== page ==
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History unlocked at Richmond Gaol

12/11/2018

Investment in the restoration of the Gaoler's House at Richmond Gaol will enhance the visitor experience at one of Tasmania's key historic sites.More

Campfire restrictions in national parks and reserves

09/11/2018

Restrictions on campfires, pot fires and other solid fuel stoves will come in to place from next Wednesday (November 14) at identified Parks and Wildlife Service (PWS) campgrounds around the State to help reduce the risk of bushfires.More

Godfreys Beach penguin viewing platform open

07/11/2018

The development of a new penguin viewing platform at Godfreys Beach at The Nut State Reserve in Stanley has recently been completed by the Parks and Wildlife Service.More

Dusky Moorhen, Gallinula tenebrosa

Dusky Moorhen Dusky Moorhen
(Photo by Steve Johnson)

Description

The Dusky Moorhen is a medium-sized (up to 40 cm), dark grey-black water bird with a white undertail. It has a red bill with a yellow tip and a red facial shield extending between its eyes. The legs are orange-yellow. The sexes are similar in appearance. Young birds are duller and browner than adults, with a greenish bill and face shield.

Habitat

The Dusky Moorhen is found in wetlands, including swamps, lakes, rivers, and artificial waterways. It prefers open water and water margins with reeds, rushes and waterlilies, but may be found on grasses close to water such as parks, pastures and lawns.

Diet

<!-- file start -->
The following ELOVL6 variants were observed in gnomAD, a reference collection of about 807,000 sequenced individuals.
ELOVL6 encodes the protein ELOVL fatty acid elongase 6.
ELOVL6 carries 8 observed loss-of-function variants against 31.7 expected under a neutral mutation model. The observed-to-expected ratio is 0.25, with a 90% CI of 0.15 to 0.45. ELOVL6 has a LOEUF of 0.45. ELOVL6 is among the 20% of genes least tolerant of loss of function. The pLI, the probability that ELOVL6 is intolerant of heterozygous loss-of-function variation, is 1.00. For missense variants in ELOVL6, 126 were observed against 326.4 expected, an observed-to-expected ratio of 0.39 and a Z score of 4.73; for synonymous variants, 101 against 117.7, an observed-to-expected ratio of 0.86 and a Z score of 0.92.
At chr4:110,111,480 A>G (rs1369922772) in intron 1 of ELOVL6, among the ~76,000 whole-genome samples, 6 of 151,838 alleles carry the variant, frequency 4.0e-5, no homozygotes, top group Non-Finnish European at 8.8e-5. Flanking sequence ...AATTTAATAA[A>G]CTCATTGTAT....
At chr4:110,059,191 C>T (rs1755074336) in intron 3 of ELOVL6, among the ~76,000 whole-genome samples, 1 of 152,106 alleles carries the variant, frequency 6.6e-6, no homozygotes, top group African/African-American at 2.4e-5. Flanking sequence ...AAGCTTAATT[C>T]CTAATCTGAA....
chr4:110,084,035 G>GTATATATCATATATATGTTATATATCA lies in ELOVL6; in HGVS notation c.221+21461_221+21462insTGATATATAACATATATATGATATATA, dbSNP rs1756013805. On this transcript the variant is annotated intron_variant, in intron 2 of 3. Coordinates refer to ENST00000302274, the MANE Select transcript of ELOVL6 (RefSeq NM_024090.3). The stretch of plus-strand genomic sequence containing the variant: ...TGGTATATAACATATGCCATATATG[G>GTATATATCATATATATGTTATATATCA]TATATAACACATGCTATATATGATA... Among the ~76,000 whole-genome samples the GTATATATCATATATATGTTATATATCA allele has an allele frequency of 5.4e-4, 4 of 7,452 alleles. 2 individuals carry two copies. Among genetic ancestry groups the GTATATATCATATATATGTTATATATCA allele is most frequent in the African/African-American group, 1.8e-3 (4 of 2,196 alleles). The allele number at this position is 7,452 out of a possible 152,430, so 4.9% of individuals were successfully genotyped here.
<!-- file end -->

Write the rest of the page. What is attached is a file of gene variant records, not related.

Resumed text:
The Dusky Moorhen feeds in the water and on land on algae, water plants and grasses, as well as seeds, fruits, molluscs and other invertebrates. It will also eat carrion (dead animals) and the droppings of other birds. It does not dive when feeding; its tail is always visible above the water when upended.

It will forage on rubbish tips, and is generally omnivorous, taking a wide variety of plant and animal food.

Breeding

During breeding season (August to March), the Dusky Moorhen forms breeding groups of up to seven birds. It builds a bulky nest of aquatic plants among rushes or other vegetation at the water's edge, and lays 6-10 whitish eggs. Two or more females will lay their eggs in the same nest and all members of the group help to incubate the eggs and feed the young.

Call

A rapidly repeated, "kok, kok, kok" and sharp, strident "kirks".
Distribution Map courtesy Natural Values Atlas, data from theLIST
© 2010 State of Tasmania

Distribution

The Dusky Moorhen is widespread in eastern and south-western Australia, ranging from Cooktown to eastern South Australia and in the southern corner of Western Australia. It also occurs in New Guinea, and Indonesia.

It is uncommon in Tasmania.